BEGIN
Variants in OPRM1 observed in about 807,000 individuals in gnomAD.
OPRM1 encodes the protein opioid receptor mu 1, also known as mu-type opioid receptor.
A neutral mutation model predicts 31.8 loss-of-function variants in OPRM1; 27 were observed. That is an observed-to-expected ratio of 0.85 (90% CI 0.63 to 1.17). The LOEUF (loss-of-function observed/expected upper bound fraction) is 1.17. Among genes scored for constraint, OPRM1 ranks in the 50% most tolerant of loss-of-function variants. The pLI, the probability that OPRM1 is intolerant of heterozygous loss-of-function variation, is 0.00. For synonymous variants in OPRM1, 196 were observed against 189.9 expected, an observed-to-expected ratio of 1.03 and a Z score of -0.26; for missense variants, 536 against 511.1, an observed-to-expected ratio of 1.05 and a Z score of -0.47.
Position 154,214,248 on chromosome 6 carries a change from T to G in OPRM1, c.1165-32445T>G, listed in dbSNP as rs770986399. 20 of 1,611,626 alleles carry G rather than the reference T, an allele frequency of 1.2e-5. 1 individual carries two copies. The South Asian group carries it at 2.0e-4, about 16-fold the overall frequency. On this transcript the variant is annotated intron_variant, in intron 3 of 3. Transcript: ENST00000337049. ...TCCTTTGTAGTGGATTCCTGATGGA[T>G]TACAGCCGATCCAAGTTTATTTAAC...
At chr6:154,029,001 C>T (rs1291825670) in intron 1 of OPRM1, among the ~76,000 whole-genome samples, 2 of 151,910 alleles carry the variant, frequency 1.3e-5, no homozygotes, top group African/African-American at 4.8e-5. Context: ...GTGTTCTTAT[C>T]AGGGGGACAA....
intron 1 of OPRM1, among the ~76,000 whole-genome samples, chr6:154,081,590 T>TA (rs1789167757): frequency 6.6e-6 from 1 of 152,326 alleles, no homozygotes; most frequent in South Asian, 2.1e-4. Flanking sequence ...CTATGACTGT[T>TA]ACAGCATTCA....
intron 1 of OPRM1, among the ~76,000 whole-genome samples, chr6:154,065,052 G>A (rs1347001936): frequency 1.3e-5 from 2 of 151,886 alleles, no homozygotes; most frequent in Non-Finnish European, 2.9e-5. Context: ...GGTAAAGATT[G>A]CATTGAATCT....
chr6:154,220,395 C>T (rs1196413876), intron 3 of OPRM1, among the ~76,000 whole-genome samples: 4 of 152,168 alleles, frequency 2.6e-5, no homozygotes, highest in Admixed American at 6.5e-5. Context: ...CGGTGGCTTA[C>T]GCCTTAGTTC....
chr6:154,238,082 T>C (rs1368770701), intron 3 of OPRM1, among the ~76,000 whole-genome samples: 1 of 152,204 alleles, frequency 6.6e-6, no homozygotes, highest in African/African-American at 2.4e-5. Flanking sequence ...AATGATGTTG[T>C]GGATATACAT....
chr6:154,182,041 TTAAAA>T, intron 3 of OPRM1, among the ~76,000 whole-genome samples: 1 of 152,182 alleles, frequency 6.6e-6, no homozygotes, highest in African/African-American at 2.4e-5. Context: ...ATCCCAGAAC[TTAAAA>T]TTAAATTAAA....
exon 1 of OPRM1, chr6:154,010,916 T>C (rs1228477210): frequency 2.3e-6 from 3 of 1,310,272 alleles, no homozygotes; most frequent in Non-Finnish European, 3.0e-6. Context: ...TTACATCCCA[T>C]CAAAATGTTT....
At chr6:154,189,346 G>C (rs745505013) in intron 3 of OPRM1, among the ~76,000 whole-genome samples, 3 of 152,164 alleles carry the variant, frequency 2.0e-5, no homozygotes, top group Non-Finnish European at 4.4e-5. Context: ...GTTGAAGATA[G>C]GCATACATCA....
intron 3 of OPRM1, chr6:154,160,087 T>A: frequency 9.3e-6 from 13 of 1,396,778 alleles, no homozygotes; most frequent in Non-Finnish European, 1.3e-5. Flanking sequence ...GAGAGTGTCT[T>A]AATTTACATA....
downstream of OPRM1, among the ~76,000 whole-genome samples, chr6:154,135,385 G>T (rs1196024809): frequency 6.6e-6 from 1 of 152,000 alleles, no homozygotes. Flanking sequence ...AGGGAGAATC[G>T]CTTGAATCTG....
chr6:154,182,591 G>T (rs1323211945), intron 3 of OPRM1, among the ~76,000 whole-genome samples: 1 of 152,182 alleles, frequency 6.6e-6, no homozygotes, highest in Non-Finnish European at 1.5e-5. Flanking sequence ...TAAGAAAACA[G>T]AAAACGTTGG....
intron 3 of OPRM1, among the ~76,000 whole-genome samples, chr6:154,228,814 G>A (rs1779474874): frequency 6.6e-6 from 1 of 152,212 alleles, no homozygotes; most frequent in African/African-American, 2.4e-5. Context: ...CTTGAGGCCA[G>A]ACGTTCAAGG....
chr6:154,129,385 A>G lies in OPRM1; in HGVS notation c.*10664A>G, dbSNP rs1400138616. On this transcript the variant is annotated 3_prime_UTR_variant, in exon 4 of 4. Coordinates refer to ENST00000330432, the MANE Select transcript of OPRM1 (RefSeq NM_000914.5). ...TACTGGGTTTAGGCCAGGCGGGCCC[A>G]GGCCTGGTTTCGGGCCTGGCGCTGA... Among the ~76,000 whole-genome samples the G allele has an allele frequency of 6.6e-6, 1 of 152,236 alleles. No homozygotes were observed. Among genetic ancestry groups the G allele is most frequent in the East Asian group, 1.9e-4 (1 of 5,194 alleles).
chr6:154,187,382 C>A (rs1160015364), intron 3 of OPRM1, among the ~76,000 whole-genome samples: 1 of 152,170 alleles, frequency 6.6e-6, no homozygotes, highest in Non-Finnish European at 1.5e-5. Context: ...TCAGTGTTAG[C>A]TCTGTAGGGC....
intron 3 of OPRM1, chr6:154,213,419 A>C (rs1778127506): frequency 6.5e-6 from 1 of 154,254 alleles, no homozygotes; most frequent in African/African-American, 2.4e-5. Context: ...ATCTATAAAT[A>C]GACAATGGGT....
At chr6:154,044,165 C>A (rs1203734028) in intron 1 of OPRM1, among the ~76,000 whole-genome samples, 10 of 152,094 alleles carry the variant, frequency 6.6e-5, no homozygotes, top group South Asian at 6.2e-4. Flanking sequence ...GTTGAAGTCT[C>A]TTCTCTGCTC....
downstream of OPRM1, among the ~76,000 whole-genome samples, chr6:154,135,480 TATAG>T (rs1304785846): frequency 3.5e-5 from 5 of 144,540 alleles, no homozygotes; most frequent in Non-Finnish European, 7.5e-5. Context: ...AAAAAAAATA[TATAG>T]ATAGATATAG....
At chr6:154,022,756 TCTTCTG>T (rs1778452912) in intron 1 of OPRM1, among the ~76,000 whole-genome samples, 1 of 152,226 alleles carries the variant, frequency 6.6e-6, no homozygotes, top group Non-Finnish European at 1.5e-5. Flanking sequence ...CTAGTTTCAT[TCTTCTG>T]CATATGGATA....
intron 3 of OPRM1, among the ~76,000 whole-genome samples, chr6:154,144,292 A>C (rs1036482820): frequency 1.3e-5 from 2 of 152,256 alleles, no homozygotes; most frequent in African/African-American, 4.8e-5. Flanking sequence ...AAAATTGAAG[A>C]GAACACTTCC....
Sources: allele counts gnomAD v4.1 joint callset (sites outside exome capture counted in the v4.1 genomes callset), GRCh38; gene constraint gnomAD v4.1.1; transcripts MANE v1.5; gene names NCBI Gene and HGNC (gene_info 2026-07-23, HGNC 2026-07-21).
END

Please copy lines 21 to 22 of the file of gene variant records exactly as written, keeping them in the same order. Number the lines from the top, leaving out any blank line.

downstream of OPRM1, among the ~76,000 whole-genome samples, chr6:154,135,480 TATAG>T (rs1304785846): frequency 3.5e-5 from 5 of 144,540 alleles, no homozygotes; most frequent in Non-Finnish European, 7.5e-5. Context: ...AAAAAAAATA[TATAG>T]ATAGATATAG....
At chr6:154,022,756 TCTTCTG>T (rs1778452912) in intron 1 of OPRM1, among the ~76,000 whole-genome samples, 1 of 152,226 alleles carries the variant, frequency 6.6e-6, no homozygotes, top group Non-Finnish European at 1.5e-5. Flanking sequence ...CTAGTTTCAT[TCTTCTG>T]CATATGGATA....